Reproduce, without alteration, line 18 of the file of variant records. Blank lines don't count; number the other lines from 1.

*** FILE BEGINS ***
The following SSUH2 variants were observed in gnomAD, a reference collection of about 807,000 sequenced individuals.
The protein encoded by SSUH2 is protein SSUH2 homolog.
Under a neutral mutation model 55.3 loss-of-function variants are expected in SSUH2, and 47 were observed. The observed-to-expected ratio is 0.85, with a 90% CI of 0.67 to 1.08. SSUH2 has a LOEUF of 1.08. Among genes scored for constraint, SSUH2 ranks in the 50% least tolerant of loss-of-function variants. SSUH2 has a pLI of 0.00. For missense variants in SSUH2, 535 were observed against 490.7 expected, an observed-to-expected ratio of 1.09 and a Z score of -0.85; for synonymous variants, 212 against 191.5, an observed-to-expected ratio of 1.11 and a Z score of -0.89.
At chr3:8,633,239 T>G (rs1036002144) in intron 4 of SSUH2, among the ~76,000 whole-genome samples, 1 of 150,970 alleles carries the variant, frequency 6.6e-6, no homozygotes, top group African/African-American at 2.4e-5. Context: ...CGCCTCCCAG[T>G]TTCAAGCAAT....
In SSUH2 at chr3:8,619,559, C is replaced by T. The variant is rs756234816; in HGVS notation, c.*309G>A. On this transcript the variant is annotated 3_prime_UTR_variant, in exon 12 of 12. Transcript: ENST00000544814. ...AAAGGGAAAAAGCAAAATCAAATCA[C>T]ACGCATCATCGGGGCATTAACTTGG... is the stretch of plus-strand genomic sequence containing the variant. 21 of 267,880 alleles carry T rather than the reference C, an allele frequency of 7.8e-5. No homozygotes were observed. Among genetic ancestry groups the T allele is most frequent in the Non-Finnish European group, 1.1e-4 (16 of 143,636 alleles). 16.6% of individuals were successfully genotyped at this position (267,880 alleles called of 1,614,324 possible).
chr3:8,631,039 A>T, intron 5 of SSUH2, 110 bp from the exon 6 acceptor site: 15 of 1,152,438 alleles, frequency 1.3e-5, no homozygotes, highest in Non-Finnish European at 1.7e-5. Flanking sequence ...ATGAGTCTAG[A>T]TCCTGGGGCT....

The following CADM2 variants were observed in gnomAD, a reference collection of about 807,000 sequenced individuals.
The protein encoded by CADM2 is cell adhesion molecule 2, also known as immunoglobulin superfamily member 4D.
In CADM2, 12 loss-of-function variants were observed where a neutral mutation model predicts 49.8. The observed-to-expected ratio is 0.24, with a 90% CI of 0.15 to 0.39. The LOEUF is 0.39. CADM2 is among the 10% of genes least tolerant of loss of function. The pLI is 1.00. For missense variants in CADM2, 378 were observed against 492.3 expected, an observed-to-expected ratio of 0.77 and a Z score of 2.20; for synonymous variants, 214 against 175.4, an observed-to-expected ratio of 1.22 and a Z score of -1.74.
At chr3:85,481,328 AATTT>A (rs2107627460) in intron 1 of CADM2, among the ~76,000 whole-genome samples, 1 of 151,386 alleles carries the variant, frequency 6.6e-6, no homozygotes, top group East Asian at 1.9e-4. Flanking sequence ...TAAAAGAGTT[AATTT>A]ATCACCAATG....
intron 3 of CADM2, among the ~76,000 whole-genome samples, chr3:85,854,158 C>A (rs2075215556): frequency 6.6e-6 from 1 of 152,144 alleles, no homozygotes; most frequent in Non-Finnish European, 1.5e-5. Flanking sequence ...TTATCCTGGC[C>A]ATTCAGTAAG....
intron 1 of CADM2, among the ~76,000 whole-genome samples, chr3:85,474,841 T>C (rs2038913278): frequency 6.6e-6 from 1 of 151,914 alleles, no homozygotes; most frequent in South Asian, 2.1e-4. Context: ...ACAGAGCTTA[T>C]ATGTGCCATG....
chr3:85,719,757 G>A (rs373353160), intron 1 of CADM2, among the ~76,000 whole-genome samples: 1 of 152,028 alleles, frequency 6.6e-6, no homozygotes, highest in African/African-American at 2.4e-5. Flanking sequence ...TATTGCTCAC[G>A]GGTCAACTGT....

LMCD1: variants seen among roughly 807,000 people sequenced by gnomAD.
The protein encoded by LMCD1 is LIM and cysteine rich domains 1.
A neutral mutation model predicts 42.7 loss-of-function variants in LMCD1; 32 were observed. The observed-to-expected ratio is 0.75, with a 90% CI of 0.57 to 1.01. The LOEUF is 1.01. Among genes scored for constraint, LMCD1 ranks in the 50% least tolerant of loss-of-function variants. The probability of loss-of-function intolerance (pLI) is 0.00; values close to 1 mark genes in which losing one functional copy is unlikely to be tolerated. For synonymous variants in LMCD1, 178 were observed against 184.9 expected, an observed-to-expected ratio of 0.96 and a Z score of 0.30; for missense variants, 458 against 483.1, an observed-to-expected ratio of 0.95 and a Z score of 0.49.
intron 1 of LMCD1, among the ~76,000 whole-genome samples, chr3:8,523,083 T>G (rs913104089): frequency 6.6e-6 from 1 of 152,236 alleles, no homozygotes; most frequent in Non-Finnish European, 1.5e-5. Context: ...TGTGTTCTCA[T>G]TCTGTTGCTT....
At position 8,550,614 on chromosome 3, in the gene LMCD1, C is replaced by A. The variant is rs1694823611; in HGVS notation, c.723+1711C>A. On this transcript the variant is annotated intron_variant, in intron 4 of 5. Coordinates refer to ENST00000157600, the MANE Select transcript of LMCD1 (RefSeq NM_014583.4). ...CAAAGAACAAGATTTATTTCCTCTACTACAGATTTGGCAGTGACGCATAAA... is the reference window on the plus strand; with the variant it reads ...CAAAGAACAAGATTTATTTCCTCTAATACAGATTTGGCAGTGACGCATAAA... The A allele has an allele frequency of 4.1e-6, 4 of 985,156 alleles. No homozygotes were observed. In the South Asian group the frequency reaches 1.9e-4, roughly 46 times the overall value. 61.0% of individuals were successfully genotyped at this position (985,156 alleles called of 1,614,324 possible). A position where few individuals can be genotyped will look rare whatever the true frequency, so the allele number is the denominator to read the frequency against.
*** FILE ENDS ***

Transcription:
At position 8,550,614 on chromosome 3, in the gene LMCD1, C is replaced by A. The variant is rs1694823611; in HGVS notation, c.723+1711C>A. On this transcript the variant is annotated intron_variant, in intron 4 of 5. Coordinates refer to ENST00000157600, the MANE Select transcript of LMCD1 (RefSeq NM_014583.4). ...CAAAGAACAAGATTTATTTCCTCTACTACAGATTTGGCAGTGACGCATAAA... is the reference window on the plus strand; with the variant it reads ...CAAAGAACAAGATTTATTTCCTCTAATACAGATTTGGCAGTGACGCATAAA... The A allele has an allele frequency of 4.1e-6, 4 of 985,156 alleles. No homozygotes were observed. In the South Asian group the frequency reaches 1.9e-4, roughly 46 times the overall value. 61.0% of individuals were successfully genotyped at this position (985,156 alleles called of 1,614,324 possible). A position where few individuals can be genotyped will look rare whatever the true frequency, so the allele number is the denominator to read the frequency against.